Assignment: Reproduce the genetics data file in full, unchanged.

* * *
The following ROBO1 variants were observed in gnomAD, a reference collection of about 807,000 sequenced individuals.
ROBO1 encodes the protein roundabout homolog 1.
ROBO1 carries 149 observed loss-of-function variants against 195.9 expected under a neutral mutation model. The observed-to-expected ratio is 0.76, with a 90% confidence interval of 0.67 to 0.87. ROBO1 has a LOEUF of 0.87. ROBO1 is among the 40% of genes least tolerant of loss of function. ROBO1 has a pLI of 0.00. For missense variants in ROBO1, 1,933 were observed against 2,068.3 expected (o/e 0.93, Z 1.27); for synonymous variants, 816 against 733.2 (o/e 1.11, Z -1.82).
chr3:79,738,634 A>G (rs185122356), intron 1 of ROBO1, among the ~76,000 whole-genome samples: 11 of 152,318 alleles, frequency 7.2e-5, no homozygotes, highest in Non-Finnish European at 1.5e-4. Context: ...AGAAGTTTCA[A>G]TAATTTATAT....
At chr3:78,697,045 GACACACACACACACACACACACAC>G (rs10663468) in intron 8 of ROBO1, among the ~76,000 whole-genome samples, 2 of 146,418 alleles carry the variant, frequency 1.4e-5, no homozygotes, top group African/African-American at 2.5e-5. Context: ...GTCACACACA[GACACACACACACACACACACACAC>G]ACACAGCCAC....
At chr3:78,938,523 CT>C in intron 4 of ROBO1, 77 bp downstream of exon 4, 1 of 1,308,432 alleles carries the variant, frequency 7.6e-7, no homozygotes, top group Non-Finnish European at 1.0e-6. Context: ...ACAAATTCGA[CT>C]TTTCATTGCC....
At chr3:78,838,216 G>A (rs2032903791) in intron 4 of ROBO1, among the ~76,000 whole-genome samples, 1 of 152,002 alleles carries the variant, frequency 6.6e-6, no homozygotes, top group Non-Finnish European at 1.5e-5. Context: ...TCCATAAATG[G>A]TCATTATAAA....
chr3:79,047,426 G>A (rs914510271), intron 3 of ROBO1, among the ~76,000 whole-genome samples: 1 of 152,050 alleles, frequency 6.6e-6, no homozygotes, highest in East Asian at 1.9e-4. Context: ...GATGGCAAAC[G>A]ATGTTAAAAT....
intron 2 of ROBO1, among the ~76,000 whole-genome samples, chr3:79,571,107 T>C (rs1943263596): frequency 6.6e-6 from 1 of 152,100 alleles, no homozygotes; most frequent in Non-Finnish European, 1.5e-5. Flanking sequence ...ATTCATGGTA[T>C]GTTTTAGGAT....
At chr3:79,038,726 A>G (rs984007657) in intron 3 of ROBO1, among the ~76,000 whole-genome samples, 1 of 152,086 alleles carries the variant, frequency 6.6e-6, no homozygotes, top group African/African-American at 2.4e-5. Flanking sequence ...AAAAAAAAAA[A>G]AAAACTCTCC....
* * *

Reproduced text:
The following ROBO1 variants were observed in gnomAD, a reference collection of about 807,000 sequenced individuals.
ROBO1 encodes the protein roundabout homolog 1.
ROBO1 carries 149 observed loss-of-function variants against 195.9 expected under a neutral mutation model. The observed-to-expected ratio is 0.76, with a 90% confidence interval of 0.67 to 0.87. ROBO1 has a LOEUF of 0.87. ROBO1 is among the 40% of genes least tolerant of loss of function. ROBO1 has a pLI of 0.00. For missense variants in ROBO1, 1,933 were observed against 2,068.3 expected (o/e 0.93, Z 1.27); for synonymous variants, 816 against 733.2 (o/e 1.11, Z -1.82).
chr3:79,738,634 A>G (rs185122356), intron 1 of ROBO1, among the ~76,000 whole-genome samples: 11 of 152,318 alleles, frequency 7.2e-5, no homozygotes, highest in Non-Finnish European at 1.5e-4. Context: ...AGAAGTTTCA[A>G]TAATTTATAT....
At chr3:78,697,045 GACACACACACACACACACACACAC>G (rs10663468) in intron 8 of ROBO1, among the ~76,000 whole-genome samples, 2 of 146,418 alleles carry the variant, frequency 1.4e-5, no homozygotes, top group African/African-American at 2.5e-5. Context: ...GTCACACACA[GACACACACACACACACACACACAC>G]ACACAGCCAC....
At chr3:78,938,523 CT>C in intron 4 of ROBO1, 77 bp downstream of exon 4, 1 of 1,308,432 alleles carries the variant, frequency 7.6e-7, no homozygotes, top group Non-Finnish European at 1.0e-6. Context: ...ACAAATTCGA[CT>C]TTTCATTGCC....
At chr3:78,838,216 G>A (rs2032903791) in intron 4 of ROBO1, among the ~76,000 whole-genome samples, 1 of 152,002 alleles carries the variant, frequency 6.6e-6, no homozygotes, top group Non-Finnish European at 1.5e-5. Context: ...TCCATAAATG[G>A]TCATTATAAA....
chr3:79,047,426 G>A (rs914510271), intron 3 of ROBO1, among the ~76,000 whole-genome samples: 1 of 152,050 alleles, frequency 6.6e-6, no homozygotes, highest in East Asian at 1.9e-4. Context: ...GATGGCAAAC[G>A]ATGTTAAAAT....
intron 2 of ROBO1, among the ~76,000 whole-genome samples, chr3:79,571,107 T>C (rs1943263596): frequency 6.6e-6 from 1 of 152,100 alleles, no homozygotes; most frequent in Non-Finnish European, 1.5e-5. Flanking sequence ...ATTCATGGTA[T>C]GTTTTAGGAT....
At chr3:79,038,726 A>G (rs984007657) in intron 3 of ROBO1, among the ~76,000 whole-genome samples, 1 of 152,086 alleles carries the variant, frequency 6.6e-6, no homozygotes, top group African/African-American at 2.4e-5. Flanking sequence ...AAAAAAAAAA[A>G]AAAACTCTCC....